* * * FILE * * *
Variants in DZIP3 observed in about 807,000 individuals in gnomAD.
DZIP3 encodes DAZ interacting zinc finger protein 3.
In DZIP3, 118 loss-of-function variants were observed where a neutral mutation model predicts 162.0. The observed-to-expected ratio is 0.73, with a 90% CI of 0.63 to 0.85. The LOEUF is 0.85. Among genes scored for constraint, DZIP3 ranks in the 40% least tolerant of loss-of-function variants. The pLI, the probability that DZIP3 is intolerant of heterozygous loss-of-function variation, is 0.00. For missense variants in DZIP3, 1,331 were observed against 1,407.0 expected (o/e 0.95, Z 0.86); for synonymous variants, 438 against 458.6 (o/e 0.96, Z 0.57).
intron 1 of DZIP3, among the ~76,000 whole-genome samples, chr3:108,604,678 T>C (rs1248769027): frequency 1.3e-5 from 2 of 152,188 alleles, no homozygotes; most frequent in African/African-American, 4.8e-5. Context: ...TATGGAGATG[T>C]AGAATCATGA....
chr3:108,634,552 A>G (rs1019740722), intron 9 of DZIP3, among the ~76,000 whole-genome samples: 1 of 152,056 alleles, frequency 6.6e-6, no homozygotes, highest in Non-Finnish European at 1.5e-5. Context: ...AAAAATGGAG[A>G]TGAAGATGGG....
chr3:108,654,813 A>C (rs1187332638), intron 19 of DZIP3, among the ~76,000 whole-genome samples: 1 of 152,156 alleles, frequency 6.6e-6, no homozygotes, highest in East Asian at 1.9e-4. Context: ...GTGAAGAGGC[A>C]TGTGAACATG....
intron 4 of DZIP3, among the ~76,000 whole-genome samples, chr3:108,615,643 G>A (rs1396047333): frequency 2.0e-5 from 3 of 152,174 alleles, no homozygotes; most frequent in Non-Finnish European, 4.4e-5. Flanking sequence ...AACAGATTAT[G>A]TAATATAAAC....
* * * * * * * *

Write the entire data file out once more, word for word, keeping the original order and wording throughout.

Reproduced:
Variants in DZIP3 observed in about 807,000 individuals in gnomAD.
DZIP3 encodes DAZ interacting zinc finger protein 3.
In DZIP3, 118 loss-of-function variants were observed where a neutral mutation model predicts 162.0. The observed-to-expected ratio is 0.73, with a 90% CI of 0.63 to 0.85. The LOEUF is 0.85. Among genes scored for constraint, DZIP3 ranks in the 40% least tolerant of loss-of-function variants. The pLI, the probability that DZIP3 is intolerant of heterozygous loss-of-function variation, is 0.00. For missense variants in DZIP3, 1,331 were observed against 1,407.0 expected (o/e 0.95, Z 0.86); for synonymous variants, 438 against 458.6 (o/e 0.96, Z 0.57).
intron 1 of DZIP3, among the ~76,000 whole-genome samples, chr3:108,604,678 T>C (rs1248769027): frequency 1.3e-5 from 2 of 152,188 alleles, no homozygotes; most frequent in African/African-American, 4.8e-5. Context: ...TATGGAGATG[T>C]AGAATCATGA....
chr3:108,634,552 A>G (rs1019740722), intron 9 of DZIP3, among the ~76,000 whole-genome samples: 1 of 152,056 alleles, frequency 6.6e-6, no homozygotes, highest in Non-Finnish European at 1.5e-5. Context: ...AAAAATGGAG[A>G]TGAAGATGGG....
chr3:108,654,813 A>C (rs1187332638), intron 19 of DZIP3, among the ~76,000 whole-genome samples: 1 of 152,156 alleles, frequency 6.6e-6, no homozygotes, highest in East Asian at 1.9e-4. Context: ...GTGAAGAGGC[A>C]TGTGAACATG....
intron 4 of DZIP3, among the ~76,000 whole-genome samples, chr3:108,615,643 G>A (rs1396047333): frequency 2.0e-5 from 3 of 152,174 alleles, no homozygotes; most frequent in Non-Finnish European, 4.4e-5. Flanking sequence ...AACAGATTAT[G>A]TAATATAAAC....